The volatility of small cap stocks is likely to be lower than many investors think, says AXA Investment Managers.
In a note to investors, AXA IM head of Framlington equities Asia Mark Tinker explained that while small cap stocks “might be more volatile, they actually have a lower beta” than other stocks, due to their price movement being driven by idiosyncratic factors rather than broader macroeconomic trends.
“Citi estimate that while 80 per cent of the move in the share price of large cap stocks - top 100 large caps - is due to macro factors, for small caps the number is half that,” he said.
“Put another way, 60 per cent of small cap share price movement is down to idiosyncratic factors.”
Mr Tinker said the risk associated with these idiosyncratic drivers could be mitigated through diversification, adding that over longer time frames, small cap drawdowns were no worse than other asset types.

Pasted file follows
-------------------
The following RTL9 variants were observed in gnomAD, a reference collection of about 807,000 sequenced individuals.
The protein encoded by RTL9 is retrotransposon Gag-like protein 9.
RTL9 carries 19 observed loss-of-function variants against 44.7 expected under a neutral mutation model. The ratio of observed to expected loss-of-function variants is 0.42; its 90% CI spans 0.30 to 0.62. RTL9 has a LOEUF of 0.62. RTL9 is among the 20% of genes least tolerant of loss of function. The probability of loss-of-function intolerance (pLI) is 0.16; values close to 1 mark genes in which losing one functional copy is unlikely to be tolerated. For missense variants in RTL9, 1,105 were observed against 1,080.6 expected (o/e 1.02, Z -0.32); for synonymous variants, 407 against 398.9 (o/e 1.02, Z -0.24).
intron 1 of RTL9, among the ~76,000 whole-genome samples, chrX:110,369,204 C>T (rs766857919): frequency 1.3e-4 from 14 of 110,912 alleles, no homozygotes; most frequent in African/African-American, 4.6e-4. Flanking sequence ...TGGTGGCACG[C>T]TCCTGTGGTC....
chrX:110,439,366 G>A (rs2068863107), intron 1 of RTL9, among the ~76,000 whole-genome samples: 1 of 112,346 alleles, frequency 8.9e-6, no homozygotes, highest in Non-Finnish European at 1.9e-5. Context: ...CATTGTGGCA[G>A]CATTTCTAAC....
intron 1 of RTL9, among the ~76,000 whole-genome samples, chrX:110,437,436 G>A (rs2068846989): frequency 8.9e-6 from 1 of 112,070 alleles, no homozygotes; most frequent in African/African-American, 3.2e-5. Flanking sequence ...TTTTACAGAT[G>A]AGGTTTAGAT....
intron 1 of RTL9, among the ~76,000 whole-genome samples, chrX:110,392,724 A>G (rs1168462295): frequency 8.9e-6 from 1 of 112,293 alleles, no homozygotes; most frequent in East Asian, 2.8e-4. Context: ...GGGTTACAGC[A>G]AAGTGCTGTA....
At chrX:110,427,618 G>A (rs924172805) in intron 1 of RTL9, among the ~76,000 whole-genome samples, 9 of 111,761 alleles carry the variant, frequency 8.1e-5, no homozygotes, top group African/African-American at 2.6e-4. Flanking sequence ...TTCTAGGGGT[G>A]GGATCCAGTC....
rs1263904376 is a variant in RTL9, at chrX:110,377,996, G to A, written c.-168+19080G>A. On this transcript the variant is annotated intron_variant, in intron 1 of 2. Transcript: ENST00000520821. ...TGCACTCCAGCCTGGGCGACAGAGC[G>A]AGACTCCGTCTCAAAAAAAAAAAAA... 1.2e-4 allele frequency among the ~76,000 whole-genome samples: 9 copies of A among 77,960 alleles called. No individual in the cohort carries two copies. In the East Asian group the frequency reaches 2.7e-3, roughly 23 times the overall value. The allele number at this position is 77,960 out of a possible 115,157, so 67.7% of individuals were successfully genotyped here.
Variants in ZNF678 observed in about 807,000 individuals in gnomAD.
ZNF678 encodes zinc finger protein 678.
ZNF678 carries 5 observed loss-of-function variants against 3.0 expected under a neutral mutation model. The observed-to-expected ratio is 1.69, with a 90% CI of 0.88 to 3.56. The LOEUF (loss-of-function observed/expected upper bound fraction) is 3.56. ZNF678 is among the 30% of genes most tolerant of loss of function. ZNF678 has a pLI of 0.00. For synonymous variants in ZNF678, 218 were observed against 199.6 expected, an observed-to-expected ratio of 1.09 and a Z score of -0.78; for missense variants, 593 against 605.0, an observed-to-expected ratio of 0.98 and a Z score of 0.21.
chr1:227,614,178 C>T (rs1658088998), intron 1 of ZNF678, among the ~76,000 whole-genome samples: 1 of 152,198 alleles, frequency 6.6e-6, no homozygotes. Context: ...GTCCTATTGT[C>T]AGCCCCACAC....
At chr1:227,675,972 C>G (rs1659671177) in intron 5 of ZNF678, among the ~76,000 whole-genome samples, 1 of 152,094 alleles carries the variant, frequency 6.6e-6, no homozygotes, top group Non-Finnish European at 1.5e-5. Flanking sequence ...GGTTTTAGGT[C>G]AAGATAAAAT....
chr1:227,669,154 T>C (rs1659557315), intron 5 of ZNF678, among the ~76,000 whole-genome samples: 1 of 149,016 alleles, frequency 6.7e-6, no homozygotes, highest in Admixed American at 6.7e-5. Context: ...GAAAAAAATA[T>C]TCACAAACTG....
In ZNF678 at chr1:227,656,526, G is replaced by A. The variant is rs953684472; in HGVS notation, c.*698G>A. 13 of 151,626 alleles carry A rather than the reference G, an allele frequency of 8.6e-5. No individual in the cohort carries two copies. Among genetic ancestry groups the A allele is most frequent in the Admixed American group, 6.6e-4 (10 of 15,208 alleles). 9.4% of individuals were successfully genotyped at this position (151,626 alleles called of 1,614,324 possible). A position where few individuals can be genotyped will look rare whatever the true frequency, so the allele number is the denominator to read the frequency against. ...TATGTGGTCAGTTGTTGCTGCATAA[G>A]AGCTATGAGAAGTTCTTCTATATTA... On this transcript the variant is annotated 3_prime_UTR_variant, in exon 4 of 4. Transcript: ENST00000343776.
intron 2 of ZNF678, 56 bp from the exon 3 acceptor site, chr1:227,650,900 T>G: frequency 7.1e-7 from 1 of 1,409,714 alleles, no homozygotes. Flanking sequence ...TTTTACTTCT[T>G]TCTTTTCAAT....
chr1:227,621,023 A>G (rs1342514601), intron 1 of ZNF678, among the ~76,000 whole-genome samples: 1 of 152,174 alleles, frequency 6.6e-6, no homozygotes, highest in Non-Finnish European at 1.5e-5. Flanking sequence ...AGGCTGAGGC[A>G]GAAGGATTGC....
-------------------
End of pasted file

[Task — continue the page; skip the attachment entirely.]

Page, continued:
“For example, the rolling three year largest drawdowns for small caps are now the same, if not less, than large caps and noticeably less than for emerging markets,” he explained.
Mr Tinker did caution however that research on small cap equities is “relatively thin” when compared with their large cap peers, and that investors should look for a specialist fund manager to “do their own research”.
“In the US, the average number of analysts per large cap stock, defined as greater than $10 billion market cap, is 21; while for mid-cap stocks - $2 billion to $10 billion - it is around half that, at eleven. For small caps it is just three,” he said.
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